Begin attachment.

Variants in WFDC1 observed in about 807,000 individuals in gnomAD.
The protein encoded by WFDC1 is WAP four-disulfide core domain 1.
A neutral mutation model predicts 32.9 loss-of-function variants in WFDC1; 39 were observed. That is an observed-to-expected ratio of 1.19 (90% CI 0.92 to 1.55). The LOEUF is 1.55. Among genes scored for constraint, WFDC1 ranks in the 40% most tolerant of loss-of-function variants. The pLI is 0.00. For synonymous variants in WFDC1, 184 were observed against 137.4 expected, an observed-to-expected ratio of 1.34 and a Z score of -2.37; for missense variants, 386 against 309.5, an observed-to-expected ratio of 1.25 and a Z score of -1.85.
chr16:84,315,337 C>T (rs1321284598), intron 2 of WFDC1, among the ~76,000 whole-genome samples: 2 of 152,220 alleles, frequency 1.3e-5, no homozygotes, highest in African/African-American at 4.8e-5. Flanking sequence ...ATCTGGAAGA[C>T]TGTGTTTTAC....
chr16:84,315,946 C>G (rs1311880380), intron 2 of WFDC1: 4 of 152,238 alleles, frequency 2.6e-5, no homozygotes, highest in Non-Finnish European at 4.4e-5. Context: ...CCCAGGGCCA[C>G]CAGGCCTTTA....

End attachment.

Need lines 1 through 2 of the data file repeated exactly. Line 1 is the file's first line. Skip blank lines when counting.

Variants in WFDC1 observed in about 807,000 individuals in gnomAD.
The protein encoded by WFDC1 is WAP four-disulfide core domain 1.